As is illustrated in FIG. 1, the invention is embodied in a monitor for uncommanded braking 10 in a braking system for a vehicle, such as in braking system including a brake-by-wire control system for an aircraft. The braking system preferably includes a shut off valve 12 that can be activated to prevent braking. The braking system typically is controlled by a conventional braking microprocessor unit or microcontroller 14 utilizing D0178A level 2 or D0178B level B software to perform all normal brake control functions including control of brake torque, and to provide a shut off valve control signal 16 when the microcontroller function is selected to prevent braking. The shut off valve control signal is received by a fault latch output AND gate 18, which also receives a fault latch output signal from the fault latch logic circuit 20 when uncommanded braking has been detected. In order for the shut off valve to turn on, both the shut off control signal from the microcontroller and the fault latch output signal from the fault latch logic circuit must be received by the fault latch logical AND gate.
The monitor for uncommanded braking provides inputs to the fault latch logic circuit for determination of a condition of undesirable uncommanded braking. A gear test inhibit logic circuit 22 is provided to generate a test inhibit signal that is used to inhibit the hardware monitor in certain conditions. A pedal application circuit 24 is provided for determining whether brake pedal application has occurred. A brake pressure circuit 26 tests the left and right wheel brake pressures for a minimum threshold, and a built-in-test enable logic circuit 28 tests the functionality of the monitor for uncommanded braking.
In a currently preferred embodiment, the gear test inhibit logic circuit 22 is provided to generate a test inhibit signal that is used to inhibit the hardware monitor for uncommanded braking when the aircraft is in "AIR" mode, i.e. when the aircraft wheels are no longer touching the ground, when the gear handle is up and weight is off the wheels. Uncommanded braking that is not pilot or copilot generated can properly occur in this situation, during which time the hardware monitor would need to be inhibited. When the gear is retracted, an application of braking pressure is typically performed at 200 psi for 4 seconds while weight is off the wheel, and the gear handle transitions to "AIR" mode. Also, in gear extension testing, a pressure pulse test, braking commands of 600 psi are delivered to the left and right brakes sequentially. This test occurs after a gear extension sequence, and the shut off valve would turn on when the gear handle transitions to a down position, and the "AIR" mode is off. When the gear handle transitions to down, a tuneable timer set to typically 5 seconds, for example, is started. After the timer expires, the hardware monitor is enabled to monitor again.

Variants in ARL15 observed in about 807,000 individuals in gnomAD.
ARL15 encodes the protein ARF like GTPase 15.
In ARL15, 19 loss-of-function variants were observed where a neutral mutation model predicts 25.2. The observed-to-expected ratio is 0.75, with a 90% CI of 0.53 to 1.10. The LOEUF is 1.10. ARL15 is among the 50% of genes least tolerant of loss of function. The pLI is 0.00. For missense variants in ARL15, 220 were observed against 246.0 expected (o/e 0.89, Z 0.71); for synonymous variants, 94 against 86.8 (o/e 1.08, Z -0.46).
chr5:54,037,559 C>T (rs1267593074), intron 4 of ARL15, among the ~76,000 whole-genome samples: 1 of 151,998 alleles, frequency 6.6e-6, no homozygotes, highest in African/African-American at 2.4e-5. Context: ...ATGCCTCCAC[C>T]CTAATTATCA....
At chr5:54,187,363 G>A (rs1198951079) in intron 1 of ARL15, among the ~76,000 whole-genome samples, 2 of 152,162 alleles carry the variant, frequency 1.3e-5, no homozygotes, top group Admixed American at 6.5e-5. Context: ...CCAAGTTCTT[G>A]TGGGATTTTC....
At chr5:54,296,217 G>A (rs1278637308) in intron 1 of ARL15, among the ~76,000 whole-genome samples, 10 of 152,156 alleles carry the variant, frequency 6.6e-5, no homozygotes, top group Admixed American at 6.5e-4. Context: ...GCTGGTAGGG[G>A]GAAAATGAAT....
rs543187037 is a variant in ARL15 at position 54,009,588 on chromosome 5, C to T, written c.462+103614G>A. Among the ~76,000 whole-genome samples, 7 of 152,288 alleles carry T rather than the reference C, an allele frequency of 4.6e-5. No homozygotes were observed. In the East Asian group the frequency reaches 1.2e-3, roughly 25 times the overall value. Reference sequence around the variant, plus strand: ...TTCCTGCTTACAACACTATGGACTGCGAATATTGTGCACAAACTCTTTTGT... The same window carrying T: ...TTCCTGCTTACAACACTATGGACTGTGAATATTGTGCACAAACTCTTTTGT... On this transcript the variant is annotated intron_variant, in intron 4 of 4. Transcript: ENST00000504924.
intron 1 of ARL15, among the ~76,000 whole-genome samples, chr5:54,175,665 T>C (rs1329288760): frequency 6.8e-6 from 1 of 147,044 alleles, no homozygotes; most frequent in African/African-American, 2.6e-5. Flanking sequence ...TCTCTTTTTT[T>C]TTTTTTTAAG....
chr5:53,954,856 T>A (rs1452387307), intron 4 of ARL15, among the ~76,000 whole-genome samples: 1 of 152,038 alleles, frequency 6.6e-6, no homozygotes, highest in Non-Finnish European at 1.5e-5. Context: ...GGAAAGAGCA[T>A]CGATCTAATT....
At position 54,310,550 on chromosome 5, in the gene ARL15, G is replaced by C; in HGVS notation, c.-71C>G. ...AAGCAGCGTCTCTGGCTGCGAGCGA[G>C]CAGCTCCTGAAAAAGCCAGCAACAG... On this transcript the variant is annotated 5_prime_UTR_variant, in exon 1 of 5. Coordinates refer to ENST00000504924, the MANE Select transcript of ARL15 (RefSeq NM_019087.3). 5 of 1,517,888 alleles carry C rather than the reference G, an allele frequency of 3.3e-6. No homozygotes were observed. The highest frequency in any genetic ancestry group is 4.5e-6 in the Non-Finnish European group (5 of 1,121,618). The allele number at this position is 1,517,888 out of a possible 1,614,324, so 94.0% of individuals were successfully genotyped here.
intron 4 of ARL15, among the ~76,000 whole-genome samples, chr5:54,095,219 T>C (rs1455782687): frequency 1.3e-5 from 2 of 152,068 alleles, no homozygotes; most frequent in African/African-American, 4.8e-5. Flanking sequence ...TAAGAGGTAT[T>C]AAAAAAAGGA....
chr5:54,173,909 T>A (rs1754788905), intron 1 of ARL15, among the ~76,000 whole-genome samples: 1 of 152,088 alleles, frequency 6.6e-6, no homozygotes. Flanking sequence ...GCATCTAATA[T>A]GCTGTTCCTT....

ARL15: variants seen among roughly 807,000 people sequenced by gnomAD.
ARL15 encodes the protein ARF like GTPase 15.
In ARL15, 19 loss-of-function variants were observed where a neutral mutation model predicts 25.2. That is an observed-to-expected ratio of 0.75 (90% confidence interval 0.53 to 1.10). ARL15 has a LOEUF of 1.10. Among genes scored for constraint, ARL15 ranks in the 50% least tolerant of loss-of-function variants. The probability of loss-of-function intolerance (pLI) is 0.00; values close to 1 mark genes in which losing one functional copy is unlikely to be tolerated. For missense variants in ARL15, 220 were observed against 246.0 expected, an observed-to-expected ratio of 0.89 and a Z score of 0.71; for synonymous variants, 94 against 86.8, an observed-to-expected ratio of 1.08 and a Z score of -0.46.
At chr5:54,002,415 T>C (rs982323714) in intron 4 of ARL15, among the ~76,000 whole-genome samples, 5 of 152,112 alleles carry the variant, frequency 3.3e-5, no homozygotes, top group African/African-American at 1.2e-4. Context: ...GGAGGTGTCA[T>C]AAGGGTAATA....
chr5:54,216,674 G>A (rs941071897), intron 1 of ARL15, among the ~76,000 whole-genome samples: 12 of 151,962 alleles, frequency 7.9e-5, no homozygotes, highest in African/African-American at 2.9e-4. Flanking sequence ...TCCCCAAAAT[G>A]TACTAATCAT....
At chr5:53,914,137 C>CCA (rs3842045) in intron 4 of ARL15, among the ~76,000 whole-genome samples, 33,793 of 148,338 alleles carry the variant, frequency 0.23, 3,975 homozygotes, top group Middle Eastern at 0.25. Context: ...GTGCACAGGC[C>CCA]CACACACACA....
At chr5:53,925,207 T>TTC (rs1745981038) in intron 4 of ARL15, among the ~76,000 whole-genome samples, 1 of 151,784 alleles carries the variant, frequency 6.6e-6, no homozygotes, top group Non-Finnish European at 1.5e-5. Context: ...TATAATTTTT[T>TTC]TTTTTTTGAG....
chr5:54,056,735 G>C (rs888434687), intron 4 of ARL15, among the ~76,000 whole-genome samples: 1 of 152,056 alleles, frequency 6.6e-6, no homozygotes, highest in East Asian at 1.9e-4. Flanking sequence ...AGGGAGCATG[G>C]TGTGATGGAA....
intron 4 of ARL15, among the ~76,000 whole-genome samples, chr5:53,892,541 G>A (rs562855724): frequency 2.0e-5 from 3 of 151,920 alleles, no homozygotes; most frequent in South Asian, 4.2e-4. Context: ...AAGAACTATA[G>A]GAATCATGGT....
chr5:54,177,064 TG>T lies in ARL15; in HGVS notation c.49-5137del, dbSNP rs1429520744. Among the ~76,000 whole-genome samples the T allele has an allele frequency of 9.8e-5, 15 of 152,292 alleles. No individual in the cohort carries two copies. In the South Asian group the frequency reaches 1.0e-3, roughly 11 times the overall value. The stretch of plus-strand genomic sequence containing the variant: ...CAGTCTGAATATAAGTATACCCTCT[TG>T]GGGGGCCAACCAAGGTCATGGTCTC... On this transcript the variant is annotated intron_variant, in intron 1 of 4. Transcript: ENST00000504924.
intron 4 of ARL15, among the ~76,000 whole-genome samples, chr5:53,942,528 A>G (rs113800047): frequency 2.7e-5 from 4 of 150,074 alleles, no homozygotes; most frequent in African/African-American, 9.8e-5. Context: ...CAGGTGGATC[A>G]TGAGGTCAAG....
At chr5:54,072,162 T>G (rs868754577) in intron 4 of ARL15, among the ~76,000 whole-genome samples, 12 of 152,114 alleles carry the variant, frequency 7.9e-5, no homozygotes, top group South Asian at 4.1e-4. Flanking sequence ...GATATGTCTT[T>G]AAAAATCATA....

In order to avoid single point failure from stopping the hardware monitor from operating, such as from a failed gear handle switch, weight on wheel sensors, such as left weight on wheel switch 30 and right weight on wheel switch 32, are used as a backup means for enabling the hardware monitor. The output signals from the weight on wheel switches are received by OR gate 34, which operates to output a weight on wheel signal 35 if weight is detected on any wheel. A gear handle position switch 36 also is provided to generate a gear handle up signal if the gear handle is in the "AIR" position. The gear test inhibit logic circuit 38 receives the gear handle up signal, and receives the weight on wheel signal as a reset input 40. When weight on a wheel is detected, a tuneable timer (not shown) is started that is set to a desired delay period, typically approximately 8 seconds, for example. After the timer expires, the hardware monitor is enabled to monitor again.
The gear test inhibit logic circuit generates a gear test inhibit signal 42 provided as an input to the fault latch logic circuit. The logic for providing the gear test inhibit signal is as follows: